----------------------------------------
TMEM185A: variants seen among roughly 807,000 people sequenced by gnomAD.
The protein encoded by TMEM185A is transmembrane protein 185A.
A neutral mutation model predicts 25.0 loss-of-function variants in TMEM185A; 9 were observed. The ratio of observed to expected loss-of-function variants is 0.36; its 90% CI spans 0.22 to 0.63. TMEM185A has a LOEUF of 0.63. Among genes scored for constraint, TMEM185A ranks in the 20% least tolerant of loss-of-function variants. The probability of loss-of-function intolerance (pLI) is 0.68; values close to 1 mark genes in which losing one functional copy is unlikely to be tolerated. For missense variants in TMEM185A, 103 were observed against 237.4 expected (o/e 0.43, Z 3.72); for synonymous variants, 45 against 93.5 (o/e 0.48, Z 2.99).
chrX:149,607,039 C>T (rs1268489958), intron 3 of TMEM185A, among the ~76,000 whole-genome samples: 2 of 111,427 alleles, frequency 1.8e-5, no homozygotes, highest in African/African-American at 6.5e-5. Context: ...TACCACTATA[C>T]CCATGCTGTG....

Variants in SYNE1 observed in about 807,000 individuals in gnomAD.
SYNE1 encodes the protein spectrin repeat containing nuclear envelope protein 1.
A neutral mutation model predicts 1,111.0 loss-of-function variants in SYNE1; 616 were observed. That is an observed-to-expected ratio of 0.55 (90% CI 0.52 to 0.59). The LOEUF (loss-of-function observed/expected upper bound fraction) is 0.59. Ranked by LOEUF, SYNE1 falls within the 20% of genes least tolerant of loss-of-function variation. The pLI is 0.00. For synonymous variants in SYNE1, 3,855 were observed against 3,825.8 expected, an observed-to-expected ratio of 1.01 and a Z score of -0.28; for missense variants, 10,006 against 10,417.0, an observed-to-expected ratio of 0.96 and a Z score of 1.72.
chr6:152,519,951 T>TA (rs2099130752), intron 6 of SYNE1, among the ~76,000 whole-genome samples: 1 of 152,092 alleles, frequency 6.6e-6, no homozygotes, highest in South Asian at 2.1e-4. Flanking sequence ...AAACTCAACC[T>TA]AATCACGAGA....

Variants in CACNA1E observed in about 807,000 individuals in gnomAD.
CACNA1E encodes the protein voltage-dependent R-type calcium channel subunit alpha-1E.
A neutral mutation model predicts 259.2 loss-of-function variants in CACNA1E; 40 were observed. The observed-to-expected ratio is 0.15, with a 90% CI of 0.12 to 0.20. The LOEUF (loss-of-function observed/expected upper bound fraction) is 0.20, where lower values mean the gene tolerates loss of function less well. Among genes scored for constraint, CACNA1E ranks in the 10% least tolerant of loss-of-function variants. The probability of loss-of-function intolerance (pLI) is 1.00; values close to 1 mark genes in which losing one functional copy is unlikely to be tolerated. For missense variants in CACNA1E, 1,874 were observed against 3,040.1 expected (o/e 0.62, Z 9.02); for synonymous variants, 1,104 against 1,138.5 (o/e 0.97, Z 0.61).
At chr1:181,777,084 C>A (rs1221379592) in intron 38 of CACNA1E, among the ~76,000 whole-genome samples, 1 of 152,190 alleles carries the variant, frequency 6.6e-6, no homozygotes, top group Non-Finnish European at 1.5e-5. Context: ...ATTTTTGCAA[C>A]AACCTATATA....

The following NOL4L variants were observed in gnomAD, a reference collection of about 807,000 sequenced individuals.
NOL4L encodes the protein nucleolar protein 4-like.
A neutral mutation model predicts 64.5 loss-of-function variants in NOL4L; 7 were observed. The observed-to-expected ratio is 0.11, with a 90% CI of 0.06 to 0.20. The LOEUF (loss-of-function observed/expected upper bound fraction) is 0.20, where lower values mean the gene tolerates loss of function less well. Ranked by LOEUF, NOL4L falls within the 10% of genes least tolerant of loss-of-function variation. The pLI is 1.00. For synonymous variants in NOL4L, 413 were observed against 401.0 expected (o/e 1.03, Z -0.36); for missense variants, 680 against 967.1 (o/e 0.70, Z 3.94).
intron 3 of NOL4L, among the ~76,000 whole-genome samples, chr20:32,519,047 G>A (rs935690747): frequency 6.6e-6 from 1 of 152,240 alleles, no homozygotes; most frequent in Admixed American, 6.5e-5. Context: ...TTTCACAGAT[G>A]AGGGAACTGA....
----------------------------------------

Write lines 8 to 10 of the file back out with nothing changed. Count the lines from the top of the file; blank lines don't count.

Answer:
chr6:152,519,951 T>TA (rs2099130752), intron 6 of SYNE1, among the ~76,000 whole-genome samples: 1 of 152,092 alleles, frequency 6.6e-6, no homozygotes, highest in South Asian at 2.1e-4. Flanking sequence ...AAACTCAACC[T>TA]AATCACGAGA....

Variants in CACNA1E observed in about 807,000 individuals in gnomAD.
CACNA1E encodes the protein voltage-dependent R-type calcium channel subunit alpha-1E.